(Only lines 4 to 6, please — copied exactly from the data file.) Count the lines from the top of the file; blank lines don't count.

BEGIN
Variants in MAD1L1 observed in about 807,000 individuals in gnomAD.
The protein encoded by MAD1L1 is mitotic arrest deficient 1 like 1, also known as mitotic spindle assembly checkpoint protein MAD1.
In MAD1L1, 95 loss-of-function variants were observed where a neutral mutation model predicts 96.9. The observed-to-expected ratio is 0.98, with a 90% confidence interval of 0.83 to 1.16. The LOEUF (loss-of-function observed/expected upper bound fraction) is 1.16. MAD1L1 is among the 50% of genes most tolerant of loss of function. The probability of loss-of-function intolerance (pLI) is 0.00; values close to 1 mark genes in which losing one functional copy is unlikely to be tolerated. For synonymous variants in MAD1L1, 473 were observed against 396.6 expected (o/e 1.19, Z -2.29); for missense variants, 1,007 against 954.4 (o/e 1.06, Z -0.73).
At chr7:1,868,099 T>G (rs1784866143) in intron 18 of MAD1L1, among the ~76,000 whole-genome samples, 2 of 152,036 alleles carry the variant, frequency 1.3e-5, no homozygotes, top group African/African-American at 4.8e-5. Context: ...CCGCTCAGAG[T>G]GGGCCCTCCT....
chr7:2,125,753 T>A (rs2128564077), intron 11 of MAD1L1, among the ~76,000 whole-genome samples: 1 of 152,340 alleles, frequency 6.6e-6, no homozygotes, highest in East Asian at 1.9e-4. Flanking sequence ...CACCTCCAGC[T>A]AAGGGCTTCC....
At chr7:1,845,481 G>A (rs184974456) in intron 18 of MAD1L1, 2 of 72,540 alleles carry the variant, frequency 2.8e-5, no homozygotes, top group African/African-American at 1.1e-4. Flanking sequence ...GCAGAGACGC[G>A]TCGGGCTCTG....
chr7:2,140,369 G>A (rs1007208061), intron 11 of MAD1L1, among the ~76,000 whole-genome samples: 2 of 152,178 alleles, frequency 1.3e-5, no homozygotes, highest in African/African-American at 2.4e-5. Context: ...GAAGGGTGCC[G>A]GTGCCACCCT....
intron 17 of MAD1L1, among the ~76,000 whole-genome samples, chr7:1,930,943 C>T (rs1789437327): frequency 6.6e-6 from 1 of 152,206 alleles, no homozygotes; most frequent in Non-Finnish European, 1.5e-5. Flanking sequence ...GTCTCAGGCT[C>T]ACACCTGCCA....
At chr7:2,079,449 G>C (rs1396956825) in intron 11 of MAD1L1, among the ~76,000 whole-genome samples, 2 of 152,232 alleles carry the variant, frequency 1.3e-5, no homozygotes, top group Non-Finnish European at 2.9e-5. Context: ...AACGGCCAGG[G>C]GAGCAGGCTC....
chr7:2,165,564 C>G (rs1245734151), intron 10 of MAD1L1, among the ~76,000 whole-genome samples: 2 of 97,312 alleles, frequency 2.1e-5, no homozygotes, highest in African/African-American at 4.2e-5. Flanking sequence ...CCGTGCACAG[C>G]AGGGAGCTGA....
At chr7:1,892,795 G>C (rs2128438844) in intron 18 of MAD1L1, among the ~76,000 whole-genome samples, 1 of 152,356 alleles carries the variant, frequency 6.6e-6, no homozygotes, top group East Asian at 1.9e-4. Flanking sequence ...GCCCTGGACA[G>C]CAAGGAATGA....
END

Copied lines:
At chr7:1,868,099 T>G (rs1784866143) in intron 18 of MAD1L1, among the ~76,000 whole-genome samples, 2 of 152,036 alleles carry the variant, frequency 1.3e-5, no homozygotes, top group African/African-American at 4.8e-5. Context: ...CCGCTCAGAG[T>G]GGGCCCTCCT....
chr7:2,125,753 T>A (rs2128564077), intron 11 of MAD1L1, among the ~76,000 whole-genome samples: 1 of 152,340 alleles, frequency 6.6e-6, no homozygotes, highest in East Asian at 1.9e-4. Flanking sequence ...CACCTCCAGC[T>A]AAGGGCTTCC....
At chr7:1,845,481 G>A (rs184974456) in intron 18 of MAD1L1, 2 of 72,540 alleles carry the variant, frequency 2.8e-5, no homozygotes, top group African/African-American at 1.1e-4. Flanking sequence ...GCAGAGACGC[G>A]TCGGGCTCTG....